As part of our continuing effort to help local communities learn about conservation, our office in Alamos has started a free weekly environmental education program called EcoClub Monte Mojino with local elementary school students.
Beginning with a group of just ten students from several local schools, EcoClub Monte Mojino started as a way to teach kids about their natural environment. Soon after its inception, those ten students began inviting their friends and neighbors to weekly meetings held at the local church that opened its doors to EcoClub. Now, EcoClub Monte Mojino includes 45 students and many of their parents.
A big part of EcoClub is teaching students about the variety of species living in the region. The nonprofit Optics for the Tropics donated binoculars to our Alamos office, and EcoClub students have begun bird watching with our staff. They’re also learning about other pollinator species, like bats, and identifying the many plant species in the reserve. As a result of these activities, many of the kids and their parents are developing an enthusiasm for their natural environment. On the last bird watching trip, one student was ecstatic after seeing a hummingbird for the first time. After seeing the growing interest in environmental issues among the parents of EcoClub students, our Alamos staff have begun planning EcoClub meetings exclusively with parents as well as a field trip to the reserve with them.
EcoClub Monte Mojino has also sparked a community-wide conversation about the need for recycling and trash collection. In Alamos, most people incinerate their garage because there is no formal waste management program. Because wildfires are a threat in the region, incinerating trash is a dangerous and unsustainable practice. Our office in Alamos is now home to a recycling bin, as are several local schools. Each week, the students take plastic bottles they’ve collected to the nearest recycling center in a neighboring town. Moreover, Nature & Culture staff and involved community members have begun a conversation with the mayor of Alamos about implementing a city-wide recycling and trash collection program, and are coordinating with the nearby recycling center to begin collecting recyclables from the new bins.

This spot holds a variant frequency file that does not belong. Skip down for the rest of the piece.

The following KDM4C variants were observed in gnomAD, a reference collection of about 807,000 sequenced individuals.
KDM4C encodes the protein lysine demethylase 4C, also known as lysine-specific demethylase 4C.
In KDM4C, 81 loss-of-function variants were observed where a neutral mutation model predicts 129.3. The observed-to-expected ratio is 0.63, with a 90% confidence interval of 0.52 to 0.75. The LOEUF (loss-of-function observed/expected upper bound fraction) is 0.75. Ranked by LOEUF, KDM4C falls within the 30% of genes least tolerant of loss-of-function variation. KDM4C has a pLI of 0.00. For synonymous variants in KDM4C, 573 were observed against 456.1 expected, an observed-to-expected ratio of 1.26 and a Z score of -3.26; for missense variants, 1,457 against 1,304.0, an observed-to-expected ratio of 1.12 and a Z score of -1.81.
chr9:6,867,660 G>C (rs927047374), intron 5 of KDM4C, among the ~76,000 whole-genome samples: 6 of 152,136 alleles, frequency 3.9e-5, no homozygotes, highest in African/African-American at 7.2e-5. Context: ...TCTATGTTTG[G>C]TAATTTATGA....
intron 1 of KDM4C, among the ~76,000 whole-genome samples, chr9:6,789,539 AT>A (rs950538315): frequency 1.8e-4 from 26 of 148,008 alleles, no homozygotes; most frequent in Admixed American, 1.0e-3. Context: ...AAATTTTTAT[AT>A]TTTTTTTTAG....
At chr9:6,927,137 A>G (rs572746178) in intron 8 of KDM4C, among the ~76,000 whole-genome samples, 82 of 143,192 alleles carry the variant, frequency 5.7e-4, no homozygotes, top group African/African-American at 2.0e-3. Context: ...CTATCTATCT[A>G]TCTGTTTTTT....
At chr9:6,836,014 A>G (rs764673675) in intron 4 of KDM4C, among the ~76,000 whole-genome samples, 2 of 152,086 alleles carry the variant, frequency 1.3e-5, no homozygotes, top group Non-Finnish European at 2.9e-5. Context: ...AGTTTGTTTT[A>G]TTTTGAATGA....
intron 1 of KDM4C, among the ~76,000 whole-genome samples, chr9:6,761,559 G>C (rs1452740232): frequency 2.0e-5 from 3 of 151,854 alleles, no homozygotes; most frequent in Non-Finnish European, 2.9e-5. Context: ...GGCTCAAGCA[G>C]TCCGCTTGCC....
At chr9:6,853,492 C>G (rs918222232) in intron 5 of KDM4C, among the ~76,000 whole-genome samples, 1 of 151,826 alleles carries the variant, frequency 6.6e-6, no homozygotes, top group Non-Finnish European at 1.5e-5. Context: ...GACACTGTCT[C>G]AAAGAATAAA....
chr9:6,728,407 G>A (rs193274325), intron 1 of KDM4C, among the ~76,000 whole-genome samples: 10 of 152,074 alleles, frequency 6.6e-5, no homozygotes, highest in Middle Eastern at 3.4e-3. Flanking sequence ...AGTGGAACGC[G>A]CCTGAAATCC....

A grant from Disney Worldwide Conservation Fund in 2014 enabled us to expand our environmental education efforts to include another EcoClub in Alamos and one in El Sabinito Sur, for a total of three groups. These EcoClub students, known affectionately as the “Wildlife Trackers of Monte Mojino”, are monitoring camera traps throughout the reserve that have already revealed the presence of five cat species including the iconic jaguar and ocelot. They will continue collecting data throughout the year, culminating with a presentation on keystone species conservation at Nature & Culture’s first annual Wildlife Festival.